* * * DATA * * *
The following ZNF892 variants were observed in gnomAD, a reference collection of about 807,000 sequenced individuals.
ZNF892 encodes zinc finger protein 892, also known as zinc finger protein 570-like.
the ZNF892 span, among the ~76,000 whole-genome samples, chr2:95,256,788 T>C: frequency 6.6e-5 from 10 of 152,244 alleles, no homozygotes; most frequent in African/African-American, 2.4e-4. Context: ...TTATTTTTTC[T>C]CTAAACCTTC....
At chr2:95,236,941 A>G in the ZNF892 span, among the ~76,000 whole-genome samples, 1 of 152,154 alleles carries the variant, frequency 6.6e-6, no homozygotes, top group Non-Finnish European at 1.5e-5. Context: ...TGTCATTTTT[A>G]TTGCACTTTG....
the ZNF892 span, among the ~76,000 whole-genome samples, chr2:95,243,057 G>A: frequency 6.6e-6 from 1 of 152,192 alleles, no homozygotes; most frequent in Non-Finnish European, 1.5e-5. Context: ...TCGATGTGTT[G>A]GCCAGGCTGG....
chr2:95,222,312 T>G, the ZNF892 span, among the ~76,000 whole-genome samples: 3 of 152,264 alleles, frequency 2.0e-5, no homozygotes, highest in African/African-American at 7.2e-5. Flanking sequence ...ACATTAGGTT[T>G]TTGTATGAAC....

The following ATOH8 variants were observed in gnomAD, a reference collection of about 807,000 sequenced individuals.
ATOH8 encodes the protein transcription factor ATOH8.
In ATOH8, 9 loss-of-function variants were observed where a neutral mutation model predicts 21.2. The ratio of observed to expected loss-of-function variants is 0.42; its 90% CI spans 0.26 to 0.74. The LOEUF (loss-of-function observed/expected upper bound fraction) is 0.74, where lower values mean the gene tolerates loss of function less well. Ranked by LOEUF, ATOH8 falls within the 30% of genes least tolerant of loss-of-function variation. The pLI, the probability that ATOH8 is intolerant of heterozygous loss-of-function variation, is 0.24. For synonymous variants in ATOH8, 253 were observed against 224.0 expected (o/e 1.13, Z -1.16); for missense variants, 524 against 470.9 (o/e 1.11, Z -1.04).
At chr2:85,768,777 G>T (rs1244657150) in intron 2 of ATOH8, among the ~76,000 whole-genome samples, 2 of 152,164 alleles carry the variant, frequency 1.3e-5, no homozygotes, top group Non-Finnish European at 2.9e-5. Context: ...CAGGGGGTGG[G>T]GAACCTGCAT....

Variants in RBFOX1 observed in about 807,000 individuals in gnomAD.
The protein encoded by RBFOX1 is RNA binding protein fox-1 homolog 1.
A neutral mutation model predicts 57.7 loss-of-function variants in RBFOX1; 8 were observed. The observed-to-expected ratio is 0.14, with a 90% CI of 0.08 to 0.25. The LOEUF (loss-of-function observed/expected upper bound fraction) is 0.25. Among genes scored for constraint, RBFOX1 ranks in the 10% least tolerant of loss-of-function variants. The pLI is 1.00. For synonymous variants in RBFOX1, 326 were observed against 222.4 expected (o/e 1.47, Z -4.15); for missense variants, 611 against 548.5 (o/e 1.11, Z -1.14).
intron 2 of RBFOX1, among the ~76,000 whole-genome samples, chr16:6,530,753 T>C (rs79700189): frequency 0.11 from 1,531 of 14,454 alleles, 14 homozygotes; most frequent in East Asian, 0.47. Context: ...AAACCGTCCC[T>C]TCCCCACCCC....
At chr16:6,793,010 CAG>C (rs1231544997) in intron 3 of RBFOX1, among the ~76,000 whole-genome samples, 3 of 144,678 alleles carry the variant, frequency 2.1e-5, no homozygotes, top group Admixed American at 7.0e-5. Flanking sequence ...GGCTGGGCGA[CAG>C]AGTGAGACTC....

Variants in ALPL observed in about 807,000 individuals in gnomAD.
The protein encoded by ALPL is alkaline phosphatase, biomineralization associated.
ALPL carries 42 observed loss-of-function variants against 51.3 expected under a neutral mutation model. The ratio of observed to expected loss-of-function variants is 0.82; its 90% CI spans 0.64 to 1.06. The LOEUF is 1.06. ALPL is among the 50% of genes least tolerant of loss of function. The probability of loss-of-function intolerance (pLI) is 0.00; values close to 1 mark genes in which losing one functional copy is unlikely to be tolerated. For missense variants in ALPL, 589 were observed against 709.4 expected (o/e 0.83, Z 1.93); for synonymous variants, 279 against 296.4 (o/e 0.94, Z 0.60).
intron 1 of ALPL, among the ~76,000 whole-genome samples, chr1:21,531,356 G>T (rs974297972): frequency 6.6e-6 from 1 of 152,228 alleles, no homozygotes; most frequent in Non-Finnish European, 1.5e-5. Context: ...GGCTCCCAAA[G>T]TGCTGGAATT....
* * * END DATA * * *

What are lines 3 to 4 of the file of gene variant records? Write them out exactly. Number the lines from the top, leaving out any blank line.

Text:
the ZNF892 span, among the ~76,000 whole-genome samples, chr2:95,256,788 T>C: frequency 6.6e-5 from 10 of 152,244 alleles, no homozygotes; most frequent in African/African-American, 2.4e-4. Context: ...TTATTTTTTC[T>C]CTAAACCTTC....
At chr2:95,236,941 A>G in the ZNF892 span, among the ~76,000 whole-genome samples, 1 of 152,154 alleles carries the variant, frequency 6.6e-6, no homozygotes, top group Non-Finnish European at 1.5e-5. Context: ...TGTCATTTTT[A>G]TTGCACTTTG....